So, at this point in the film, Monica Vitti and Alain Delon have met several times at this particular location. On this occasion, neither one of them turns up. But Antonioni, who is nothing if not diligent, does, and presents us with what happens, or fails to happen. The scene, a movie deprived of its stars, resembles a documentary in some ways (because those could be foolishly defined as movies without stars) but is obviously created with complete care and artifice. Without any real subject, it becomes about time passing. It’s also possessed of a various narrative tension, which I will try to unravel.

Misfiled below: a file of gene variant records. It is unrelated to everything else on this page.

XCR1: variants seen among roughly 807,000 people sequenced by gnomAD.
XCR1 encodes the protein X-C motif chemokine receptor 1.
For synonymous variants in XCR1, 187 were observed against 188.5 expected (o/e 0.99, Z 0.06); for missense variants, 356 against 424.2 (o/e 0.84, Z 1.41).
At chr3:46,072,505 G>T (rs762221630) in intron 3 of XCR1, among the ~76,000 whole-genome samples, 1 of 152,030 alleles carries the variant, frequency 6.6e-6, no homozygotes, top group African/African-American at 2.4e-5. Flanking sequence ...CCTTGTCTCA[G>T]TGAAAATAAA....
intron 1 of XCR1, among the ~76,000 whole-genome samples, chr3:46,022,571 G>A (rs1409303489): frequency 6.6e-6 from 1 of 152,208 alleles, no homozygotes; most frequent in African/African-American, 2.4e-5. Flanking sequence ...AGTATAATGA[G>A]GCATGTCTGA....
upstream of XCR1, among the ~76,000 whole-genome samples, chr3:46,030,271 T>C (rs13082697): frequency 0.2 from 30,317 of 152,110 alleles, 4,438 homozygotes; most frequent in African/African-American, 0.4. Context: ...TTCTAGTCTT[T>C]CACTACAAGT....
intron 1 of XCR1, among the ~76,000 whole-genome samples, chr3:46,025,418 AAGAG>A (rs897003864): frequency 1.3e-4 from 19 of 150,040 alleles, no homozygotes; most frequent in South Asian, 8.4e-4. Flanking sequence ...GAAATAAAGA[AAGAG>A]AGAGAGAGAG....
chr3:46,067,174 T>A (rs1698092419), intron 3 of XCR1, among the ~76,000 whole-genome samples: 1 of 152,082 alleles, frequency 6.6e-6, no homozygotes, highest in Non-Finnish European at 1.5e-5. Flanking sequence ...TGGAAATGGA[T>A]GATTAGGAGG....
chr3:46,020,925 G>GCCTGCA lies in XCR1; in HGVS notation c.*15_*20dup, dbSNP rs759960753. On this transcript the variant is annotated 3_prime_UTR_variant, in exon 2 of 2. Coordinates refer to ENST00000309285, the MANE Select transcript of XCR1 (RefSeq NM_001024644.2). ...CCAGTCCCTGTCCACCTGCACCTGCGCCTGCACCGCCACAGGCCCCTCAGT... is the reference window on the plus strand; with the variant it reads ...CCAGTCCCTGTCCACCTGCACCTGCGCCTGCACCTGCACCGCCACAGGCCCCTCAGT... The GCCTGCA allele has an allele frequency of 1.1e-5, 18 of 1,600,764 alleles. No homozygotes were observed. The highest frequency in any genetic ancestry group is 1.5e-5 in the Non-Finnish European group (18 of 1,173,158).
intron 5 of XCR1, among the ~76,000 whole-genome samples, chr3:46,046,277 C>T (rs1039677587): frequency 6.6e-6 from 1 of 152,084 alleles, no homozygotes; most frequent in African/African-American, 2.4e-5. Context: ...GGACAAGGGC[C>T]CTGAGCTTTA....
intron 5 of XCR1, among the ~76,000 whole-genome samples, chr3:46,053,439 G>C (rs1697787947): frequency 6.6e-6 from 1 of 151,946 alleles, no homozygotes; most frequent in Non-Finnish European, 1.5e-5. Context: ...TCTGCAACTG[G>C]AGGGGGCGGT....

“If you want reality, go out and look at the street corner — it’s boring!” Orson Welles once told an actor in the theatre. And Orson DID NOT care for Antonioni’s movies, denouncing the maestro’s tendency to linger on things. Though he may well have been thinking of the last shot of THE PASSENGER, a long take very different in effect from those in his own works, and one that takes forever to imperceptibly deliver a startling conclusion in a quite indirect way, this scene, a portrait of a street corner, would seem to be Welles’ nightmare come to life. Why do I find it so electrifying? Even when extracted by Martin Scorsese for his Voyage to Italy documentary, it thrills.